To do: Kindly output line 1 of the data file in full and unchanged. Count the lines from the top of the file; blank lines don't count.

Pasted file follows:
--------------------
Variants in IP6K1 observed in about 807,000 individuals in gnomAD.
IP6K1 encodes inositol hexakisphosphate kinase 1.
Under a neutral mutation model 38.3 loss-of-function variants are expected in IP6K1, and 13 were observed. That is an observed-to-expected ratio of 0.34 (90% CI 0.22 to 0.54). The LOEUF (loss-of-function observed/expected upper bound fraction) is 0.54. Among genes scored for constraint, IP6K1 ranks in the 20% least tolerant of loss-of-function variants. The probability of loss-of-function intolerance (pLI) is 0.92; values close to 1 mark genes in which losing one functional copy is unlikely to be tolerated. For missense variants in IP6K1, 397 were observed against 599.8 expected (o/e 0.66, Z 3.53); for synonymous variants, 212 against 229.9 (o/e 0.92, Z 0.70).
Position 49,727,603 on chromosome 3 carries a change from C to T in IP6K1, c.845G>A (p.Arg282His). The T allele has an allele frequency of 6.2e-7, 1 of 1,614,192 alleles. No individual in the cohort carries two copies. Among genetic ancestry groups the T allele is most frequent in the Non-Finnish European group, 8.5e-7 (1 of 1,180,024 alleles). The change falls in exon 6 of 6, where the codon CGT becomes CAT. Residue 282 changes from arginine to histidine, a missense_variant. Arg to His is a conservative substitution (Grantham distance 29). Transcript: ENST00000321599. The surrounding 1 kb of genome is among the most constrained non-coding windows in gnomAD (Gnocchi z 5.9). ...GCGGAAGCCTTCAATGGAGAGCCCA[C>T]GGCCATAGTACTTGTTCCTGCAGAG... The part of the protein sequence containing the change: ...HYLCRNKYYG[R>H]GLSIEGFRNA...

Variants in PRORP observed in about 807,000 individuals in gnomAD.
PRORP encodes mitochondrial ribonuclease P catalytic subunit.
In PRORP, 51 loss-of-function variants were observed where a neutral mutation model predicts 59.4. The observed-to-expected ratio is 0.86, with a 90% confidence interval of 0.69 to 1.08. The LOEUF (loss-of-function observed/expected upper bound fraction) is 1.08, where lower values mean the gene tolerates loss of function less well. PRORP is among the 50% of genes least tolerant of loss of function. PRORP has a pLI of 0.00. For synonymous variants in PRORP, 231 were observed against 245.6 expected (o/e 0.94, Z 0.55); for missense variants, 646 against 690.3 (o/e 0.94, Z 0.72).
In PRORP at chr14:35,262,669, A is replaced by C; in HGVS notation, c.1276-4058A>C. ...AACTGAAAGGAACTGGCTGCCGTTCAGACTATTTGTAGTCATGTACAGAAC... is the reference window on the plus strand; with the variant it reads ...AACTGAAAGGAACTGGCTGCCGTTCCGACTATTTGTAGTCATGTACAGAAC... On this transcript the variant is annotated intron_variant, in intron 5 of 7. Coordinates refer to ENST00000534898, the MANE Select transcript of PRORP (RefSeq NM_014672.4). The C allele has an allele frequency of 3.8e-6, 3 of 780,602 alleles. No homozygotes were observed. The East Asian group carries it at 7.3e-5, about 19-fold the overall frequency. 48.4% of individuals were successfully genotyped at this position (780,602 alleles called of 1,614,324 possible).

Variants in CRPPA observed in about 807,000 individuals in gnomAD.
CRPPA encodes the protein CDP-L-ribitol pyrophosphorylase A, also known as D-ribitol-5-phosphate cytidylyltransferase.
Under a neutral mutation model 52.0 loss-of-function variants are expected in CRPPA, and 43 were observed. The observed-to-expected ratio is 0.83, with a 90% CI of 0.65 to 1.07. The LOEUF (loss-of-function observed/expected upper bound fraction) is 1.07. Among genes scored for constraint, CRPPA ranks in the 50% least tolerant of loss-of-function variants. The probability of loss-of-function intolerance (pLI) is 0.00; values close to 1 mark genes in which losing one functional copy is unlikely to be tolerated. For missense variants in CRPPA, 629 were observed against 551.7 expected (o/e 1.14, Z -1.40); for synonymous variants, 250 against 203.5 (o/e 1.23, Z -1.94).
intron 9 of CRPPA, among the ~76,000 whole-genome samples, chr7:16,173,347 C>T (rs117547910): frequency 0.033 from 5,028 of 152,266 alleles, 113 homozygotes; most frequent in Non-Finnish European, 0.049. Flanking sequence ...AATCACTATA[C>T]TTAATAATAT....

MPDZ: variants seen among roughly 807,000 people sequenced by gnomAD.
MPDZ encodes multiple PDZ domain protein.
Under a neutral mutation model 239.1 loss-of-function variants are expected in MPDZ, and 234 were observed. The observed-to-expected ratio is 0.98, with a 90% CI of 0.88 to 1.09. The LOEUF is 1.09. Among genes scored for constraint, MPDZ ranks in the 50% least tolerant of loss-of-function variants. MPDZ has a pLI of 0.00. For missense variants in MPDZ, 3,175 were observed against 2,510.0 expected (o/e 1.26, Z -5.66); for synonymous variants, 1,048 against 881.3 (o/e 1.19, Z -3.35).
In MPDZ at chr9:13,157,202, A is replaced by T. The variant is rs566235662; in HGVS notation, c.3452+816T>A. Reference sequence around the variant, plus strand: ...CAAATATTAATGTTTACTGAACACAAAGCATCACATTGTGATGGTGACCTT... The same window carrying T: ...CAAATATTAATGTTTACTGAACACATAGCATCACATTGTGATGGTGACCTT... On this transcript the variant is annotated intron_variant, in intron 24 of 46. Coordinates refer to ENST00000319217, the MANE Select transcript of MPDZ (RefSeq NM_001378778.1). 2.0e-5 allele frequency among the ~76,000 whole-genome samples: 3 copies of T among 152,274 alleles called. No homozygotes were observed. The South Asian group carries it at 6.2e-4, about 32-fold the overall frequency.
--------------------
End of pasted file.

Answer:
Variants in IP6K1 observed in about 807,000 individuals in gnomAD.